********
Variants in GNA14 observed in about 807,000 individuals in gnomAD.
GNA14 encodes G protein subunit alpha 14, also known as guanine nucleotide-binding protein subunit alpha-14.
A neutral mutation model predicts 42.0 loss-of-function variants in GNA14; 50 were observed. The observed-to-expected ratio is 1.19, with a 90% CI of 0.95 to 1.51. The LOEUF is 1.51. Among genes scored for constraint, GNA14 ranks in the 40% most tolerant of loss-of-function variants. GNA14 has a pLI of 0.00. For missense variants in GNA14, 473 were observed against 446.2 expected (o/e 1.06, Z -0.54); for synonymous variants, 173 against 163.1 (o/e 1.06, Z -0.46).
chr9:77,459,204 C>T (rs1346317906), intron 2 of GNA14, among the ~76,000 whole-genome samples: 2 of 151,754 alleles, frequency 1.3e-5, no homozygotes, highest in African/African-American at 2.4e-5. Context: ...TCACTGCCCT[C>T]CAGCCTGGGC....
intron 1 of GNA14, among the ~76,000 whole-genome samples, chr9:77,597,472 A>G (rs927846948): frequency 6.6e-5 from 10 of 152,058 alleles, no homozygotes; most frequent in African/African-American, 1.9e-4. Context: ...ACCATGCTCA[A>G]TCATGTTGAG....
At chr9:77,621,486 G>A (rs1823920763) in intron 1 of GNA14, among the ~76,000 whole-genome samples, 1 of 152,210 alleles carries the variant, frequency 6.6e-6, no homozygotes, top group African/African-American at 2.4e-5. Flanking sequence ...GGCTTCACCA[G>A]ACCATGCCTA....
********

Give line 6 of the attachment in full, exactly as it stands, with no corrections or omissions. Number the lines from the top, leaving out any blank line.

At chr9:77,621,486 G>A (rs1823920763) in intron 1 of GNA14, among the ~76,000 whole-genome samples, 1 of 152,210 alleles carries the variant, frequency 6.6e-6, no homozygotes, top group African/African-American at 2.4e-5. Flanking sequence ...GGCTTCACCA[G>A]ACCATGCCTA....